is often malign
ed and mock
ed by natives of other countries because Korean
s traditionally eat the meat
s as well as other, more conventional meats. As one of the rare foreigner
s (of Canadian
origin) who was curious
about this, rather than revolted
, and tried dog meat
for the first time last night, I would like to say a resounding "Yum
Boshin T'ang translates into English as something like "healthy body soup." Like most Korean soups, it is served in restaurants in a metal bowl kept hot on a portable gas range while you eat.
The broth is brown in color and very spicy. Aside from the dog meat and broth, there is dog skin and lots of leeks and sesame leaves. You essentially only pay for the meat, since you can continue to ask for more broth and greens as long as you want, for no extra charge.
What the reader is probably most interested in knowing, however, is what the meat itself tastes like. What it reminded me of more than anything else was lamb. It's very soft, and fairly fatty. It's also less stringy, and milder in flavour than lamb. It won't replace lamb as my favorite meat of all time, but it's certainly more tasty than boring old beef or pork.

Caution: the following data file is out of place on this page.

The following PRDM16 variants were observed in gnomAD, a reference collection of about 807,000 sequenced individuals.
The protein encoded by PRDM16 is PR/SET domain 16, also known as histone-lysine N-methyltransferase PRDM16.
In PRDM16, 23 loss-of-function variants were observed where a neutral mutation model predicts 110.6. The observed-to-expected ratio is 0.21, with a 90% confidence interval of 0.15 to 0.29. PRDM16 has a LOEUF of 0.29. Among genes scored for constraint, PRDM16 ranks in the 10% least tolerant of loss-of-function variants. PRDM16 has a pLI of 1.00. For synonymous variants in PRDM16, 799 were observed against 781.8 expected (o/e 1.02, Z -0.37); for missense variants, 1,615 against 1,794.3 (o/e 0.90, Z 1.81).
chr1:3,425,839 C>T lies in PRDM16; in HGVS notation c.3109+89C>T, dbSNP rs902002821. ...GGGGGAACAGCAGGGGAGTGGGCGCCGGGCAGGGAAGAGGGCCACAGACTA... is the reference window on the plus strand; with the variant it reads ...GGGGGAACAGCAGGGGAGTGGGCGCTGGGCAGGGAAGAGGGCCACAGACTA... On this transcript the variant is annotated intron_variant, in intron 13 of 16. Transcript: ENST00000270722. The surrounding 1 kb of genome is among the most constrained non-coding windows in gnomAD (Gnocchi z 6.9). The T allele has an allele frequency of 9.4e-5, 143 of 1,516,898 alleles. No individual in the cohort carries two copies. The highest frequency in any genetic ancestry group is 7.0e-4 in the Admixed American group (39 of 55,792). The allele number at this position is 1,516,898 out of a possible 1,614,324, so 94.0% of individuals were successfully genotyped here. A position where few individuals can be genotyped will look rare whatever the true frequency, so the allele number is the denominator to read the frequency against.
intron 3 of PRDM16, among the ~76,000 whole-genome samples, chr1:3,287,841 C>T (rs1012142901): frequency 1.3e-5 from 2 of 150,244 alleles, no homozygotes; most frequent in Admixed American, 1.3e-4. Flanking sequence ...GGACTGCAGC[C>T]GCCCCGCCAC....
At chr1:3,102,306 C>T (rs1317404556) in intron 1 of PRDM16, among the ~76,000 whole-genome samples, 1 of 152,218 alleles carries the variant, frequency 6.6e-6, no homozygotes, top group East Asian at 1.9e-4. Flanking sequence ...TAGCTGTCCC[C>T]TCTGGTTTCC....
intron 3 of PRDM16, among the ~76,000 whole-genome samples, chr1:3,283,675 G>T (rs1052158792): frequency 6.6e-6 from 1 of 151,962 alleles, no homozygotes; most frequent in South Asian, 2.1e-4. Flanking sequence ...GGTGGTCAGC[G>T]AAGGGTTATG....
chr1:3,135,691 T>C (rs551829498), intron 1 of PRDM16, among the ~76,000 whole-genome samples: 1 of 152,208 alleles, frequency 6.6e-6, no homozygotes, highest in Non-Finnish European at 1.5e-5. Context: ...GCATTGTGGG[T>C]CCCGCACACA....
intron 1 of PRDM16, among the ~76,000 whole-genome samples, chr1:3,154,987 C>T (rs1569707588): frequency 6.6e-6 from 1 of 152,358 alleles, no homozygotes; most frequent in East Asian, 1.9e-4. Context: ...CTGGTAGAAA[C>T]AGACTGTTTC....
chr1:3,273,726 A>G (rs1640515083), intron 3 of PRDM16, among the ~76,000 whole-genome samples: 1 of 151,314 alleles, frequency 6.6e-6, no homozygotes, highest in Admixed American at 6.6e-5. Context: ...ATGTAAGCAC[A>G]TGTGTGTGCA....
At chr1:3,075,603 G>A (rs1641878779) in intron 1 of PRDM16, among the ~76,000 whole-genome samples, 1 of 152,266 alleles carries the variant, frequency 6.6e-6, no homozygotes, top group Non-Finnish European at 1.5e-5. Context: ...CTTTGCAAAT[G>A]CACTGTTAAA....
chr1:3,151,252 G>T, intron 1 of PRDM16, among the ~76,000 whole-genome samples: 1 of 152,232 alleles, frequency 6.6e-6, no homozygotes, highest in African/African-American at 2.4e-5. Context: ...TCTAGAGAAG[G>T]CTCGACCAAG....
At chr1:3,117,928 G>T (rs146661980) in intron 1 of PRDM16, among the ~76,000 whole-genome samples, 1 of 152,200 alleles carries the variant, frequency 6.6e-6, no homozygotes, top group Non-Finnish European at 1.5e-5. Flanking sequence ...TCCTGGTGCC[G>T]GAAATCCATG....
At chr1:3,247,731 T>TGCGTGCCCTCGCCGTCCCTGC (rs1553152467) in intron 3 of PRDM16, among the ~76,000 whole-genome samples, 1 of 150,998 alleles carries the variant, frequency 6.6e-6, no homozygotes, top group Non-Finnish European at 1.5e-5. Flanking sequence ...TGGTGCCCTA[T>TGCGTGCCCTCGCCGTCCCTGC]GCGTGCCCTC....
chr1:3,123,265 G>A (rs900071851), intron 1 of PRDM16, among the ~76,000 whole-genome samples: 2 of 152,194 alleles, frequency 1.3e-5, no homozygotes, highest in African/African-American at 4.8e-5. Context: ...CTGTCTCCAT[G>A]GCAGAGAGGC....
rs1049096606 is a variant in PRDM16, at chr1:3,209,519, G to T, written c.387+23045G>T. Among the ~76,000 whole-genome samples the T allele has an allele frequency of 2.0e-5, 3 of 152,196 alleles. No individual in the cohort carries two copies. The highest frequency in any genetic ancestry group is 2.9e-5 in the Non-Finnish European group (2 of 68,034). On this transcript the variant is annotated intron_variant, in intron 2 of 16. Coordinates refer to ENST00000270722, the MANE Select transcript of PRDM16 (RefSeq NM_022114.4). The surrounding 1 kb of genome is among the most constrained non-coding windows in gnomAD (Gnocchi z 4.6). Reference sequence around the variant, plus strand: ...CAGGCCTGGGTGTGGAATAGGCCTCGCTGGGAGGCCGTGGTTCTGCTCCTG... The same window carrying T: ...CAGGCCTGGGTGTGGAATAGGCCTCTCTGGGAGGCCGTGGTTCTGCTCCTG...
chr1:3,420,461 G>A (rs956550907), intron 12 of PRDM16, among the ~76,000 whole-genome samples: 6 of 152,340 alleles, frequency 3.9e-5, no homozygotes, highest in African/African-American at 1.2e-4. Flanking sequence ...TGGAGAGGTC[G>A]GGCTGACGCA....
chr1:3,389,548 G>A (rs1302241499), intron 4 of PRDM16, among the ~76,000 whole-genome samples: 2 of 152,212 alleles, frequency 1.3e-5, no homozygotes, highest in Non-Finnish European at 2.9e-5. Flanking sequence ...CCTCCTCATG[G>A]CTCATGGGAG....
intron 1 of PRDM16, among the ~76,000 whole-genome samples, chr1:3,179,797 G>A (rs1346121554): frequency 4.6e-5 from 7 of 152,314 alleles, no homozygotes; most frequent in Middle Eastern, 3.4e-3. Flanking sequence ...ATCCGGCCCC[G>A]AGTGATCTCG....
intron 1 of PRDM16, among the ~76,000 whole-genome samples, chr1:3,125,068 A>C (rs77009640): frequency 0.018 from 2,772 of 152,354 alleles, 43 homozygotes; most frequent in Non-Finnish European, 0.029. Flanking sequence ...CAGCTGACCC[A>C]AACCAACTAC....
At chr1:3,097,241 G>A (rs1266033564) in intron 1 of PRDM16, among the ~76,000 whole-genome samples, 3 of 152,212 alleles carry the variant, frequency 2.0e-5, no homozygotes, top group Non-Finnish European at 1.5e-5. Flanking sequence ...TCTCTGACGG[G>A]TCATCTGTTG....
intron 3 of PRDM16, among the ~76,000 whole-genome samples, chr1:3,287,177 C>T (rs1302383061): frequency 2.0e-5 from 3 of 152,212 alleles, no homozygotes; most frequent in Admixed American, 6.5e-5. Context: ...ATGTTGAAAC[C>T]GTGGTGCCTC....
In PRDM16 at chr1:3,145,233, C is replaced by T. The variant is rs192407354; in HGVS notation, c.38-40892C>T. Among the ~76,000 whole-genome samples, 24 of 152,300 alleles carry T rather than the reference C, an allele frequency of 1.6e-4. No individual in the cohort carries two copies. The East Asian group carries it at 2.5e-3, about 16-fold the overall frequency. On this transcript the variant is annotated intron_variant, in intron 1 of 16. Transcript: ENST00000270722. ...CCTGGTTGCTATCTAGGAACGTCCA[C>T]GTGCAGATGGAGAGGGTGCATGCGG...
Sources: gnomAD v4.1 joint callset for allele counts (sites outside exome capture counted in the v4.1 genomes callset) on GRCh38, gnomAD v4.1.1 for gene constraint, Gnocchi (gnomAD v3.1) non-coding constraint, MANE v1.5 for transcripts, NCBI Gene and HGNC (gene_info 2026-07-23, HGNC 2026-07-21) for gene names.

The only thing I didn't particularly care for was the dog skin. Like pig skin (which I also tried for the first time this weekend), it is chewy and flavourless. No problem, though. I simply didn't eat more than one or two pieces of it.
My friend, Mr. Pak (who we nicknamed 2Pac) says that he doesn't understand why so many people are sickened by the fact that Koreans eat dog. I agree, in that most people would not consider eating rabbit to be strange, despite the fact that we also occasionally keep rabbits as pets. I love his justification, though: "The dogs we eat and the dogs we keep as pets are not the same dogs. We only eat the stupid ones." This is such compelling logic that I would probably opt to apply it if ever stuck in a Donner Party-type situation. :)
In conclusion, I would heartily recommend boshin t'ang to anyone coming to Korea. I plan on sampling other dog dishes before leaving this wonderful country. Unfortunately, the negative stigma imposed by the rest of the world on the habit of eating dog has resulted in dog restaurants being exceedingly hard to find, in obscure back neighbourhoods. The only good way to find them is to have a Korean friend.